A total of 3 µg of RNA was reverse-transcribed to cDNA with RevertAid First Strand cDNA Synthesis Kit (Thermo Fisher Scientific). qPCR for IL-17A, RORγt, and STAT3 mRNA was performed on Bio-Rad CFX 96 (Bio-Rad Laboratories Inc., Hercules, CA, USA) using the ChamQ Universal SYBR qPCR Master Mix (Vazyme, Nanjing, China) as the detecting probe. The products were also compared with GAPDH as the loading control. The primer sequences used are shown in Table 1.

Table 1 Sequences of primers in real-time PCR

Abbreviations: AF, Aspergillus fumigatus; PCR, polymerase chain reaction; RORγt, retinoic acid receptor-related orphan receptor gamma; STAT3, signal transducer and activator of transcription 3; IL, interleukin.

Cytokine quantification by enzyme-linked immunosorbent assay

Cytokine production in plasma and BALF was measured by enzyme-linked immunosorbent assay according to the manufacturer’s directions (Multisciences).

Statistical analysis

All measurement data are shown as mean and standard errors of the mean in this study, and statistical analysis was performed using an unpaired t-test or one-way analysis of variance (GraphPad Prism Software). A P-value <0.05 was considered significant.

Results

Survival

The survival curves (Figure 1) were established in various models using the same concentration of inoculum (107 conidia/mouse). Infected immunocompetent mice all survived, whereas 100% of non-neutropenic IPA mice died between Days +3 and +5. Infection of neutropenic mice resulted in 100% mortality between Days +2 and +4.

Figure 1 Survival of immunocompetent and immunosuppressed mice after intratracheal infection with conidia of Aspergillus fumigatus.

Notes: Six animals per group were infected with conidia in four independent experiments. Corticosteroid-treated without infection mice (C) and immunocompetent infected mice (D) all survived, whereas 100% of non-neutropenic IPA mice (A) died between Days +3 and +5. Infection of neutropenic mice (B) resulted in 100% mortality between Days +2 and +4. There was no significant difference between the survival of group A and group B mice (P=0.18).

Abbreviation: IPA, invasive pulmonary aspergillosis.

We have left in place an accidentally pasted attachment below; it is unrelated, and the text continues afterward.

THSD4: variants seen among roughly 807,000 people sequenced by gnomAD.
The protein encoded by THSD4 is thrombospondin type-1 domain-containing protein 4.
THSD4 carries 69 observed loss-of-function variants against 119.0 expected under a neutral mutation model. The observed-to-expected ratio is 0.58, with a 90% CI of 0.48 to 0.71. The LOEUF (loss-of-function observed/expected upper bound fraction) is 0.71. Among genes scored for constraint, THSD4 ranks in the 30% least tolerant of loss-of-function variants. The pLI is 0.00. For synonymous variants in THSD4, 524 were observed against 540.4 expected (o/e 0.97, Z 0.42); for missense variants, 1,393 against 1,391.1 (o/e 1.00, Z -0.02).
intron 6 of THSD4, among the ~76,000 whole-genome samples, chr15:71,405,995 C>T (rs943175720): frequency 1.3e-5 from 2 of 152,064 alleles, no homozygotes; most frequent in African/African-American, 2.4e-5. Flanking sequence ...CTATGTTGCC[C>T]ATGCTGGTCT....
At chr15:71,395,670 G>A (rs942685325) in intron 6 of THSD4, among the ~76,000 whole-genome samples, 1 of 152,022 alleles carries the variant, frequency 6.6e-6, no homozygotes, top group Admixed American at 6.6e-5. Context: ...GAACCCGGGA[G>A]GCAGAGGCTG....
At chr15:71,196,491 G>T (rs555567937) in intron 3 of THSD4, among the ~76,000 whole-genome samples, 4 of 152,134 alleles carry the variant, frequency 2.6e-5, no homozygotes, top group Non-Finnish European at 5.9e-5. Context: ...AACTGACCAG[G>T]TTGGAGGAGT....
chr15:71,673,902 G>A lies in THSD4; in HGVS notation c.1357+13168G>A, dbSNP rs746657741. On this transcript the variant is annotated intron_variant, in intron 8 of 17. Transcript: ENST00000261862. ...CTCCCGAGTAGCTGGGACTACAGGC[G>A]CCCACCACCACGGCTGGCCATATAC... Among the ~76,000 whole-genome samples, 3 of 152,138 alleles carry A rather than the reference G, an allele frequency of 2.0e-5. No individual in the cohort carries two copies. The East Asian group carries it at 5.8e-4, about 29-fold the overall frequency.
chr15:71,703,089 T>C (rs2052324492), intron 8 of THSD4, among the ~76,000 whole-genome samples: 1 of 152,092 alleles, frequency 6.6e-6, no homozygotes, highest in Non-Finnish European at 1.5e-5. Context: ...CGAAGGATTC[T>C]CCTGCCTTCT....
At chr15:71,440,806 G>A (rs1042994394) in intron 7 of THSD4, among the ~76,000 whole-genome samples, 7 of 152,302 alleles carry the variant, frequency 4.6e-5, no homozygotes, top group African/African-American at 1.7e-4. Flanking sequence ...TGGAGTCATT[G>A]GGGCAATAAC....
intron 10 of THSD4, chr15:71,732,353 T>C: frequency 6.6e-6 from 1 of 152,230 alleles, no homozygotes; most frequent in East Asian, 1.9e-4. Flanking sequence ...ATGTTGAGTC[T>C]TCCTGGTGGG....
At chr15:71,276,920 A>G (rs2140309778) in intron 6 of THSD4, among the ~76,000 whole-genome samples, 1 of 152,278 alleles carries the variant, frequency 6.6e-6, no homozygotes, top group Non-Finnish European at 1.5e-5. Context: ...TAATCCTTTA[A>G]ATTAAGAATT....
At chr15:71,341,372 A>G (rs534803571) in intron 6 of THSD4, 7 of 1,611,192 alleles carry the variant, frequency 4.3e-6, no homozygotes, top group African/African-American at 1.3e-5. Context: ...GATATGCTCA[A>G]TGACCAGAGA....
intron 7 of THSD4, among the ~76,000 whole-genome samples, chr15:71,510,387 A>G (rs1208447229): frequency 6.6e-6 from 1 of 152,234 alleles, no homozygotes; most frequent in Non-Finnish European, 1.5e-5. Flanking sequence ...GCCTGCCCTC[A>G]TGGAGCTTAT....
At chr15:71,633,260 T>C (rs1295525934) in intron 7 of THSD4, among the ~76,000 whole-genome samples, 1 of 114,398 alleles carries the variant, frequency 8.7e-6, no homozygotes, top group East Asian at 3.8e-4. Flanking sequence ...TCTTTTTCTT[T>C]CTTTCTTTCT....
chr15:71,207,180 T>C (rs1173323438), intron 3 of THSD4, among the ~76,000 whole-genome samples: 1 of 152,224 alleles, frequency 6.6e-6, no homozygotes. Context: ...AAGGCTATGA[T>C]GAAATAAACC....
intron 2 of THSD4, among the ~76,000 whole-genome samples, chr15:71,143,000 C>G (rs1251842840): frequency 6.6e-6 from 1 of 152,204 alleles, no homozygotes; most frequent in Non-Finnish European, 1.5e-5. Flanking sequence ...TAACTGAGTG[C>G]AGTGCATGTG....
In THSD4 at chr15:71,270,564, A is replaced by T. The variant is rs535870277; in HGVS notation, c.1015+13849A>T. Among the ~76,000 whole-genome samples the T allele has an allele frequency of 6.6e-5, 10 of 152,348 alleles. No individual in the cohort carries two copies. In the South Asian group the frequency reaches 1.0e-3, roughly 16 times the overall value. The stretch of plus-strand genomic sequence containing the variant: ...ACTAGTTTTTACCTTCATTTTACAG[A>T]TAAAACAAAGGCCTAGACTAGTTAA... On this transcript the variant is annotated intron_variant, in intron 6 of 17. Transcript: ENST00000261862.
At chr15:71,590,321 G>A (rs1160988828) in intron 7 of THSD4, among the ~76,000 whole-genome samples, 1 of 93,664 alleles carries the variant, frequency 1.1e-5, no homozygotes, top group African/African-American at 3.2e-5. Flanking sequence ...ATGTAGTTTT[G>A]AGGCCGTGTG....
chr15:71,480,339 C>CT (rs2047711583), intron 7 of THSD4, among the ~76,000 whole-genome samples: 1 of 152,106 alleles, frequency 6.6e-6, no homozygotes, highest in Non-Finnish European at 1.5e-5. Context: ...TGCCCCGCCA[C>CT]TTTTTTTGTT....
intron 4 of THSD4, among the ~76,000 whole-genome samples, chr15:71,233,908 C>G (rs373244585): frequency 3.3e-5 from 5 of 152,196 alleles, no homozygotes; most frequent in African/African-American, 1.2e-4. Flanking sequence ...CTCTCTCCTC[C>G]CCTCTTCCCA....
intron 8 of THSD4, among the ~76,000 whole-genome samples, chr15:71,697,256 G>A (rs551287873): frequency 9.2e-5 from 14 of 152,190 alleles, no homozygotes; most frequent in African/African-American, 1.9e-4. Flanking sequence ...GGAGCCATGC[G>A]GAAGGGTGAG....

Lung injury and fungal culture

The differences in pulmonary injury were assessed by histological examination performed on lung samples collected 72 hours after infection of mice in different groups (Figure 2). The lungs of non-neutropenic IPA mice showed hemorrhagic necrosis pneumonia with neutrophil infiltration. Destruction of bronchi and alveoli was also evident (Figure 2Aa-1). A small amount of hyphae of A. fumigatus was observed paratracheal (Figure 2Ab-1, Ac-1). In contrast, for neutropenic mice, we also observed unsystematic pneumonia without inflammatory exudate including polymorphonuclear neutrophil or other cells in the alveoli with hemorrhagic necrosis (Figure 2Ba-2). Alveoli and vessels were invaded by a mass of hyphae of A. fumigatus (Figure 2Bb-2, Bc-2).

Figure 2 Histopathological analysis (×400) in the lung tissue from different groups.

Notes: The lungs of non-neutropenic IPA mice (A) showed large foci of pneumonia with the destruction of bronchi and alveoli. Hemorrhagic necrosis with neutrophil infiltration was also observed using the HE stain (a-1). Paratracheal hyphae of Aspergillus fumigatus was observed in small numbers with PAS (b-1) and PASM (c-1) stains. In contrast, for neutropenic IPA mice (B), we also observed diffuse pneumonia with edema and congestion within the alveoli, but with no inflammatory exudate involving PMN or other cells (a-2). Of note was that alveoli and parenchyma were invaded by numerous hyphae of A. fumigatus (b-2, c-2). There was no significant lesion seen in the lung tissue of corticosteroid-treated without infection mice (C), immunocompetent infected mice (D), and saline immunocompetent mice (E). The lungs of group (CE) with HE stain (a-3–a-5), PAS stain (b-3–b-5 ) and PASM stain (c-3–c-5), respectively.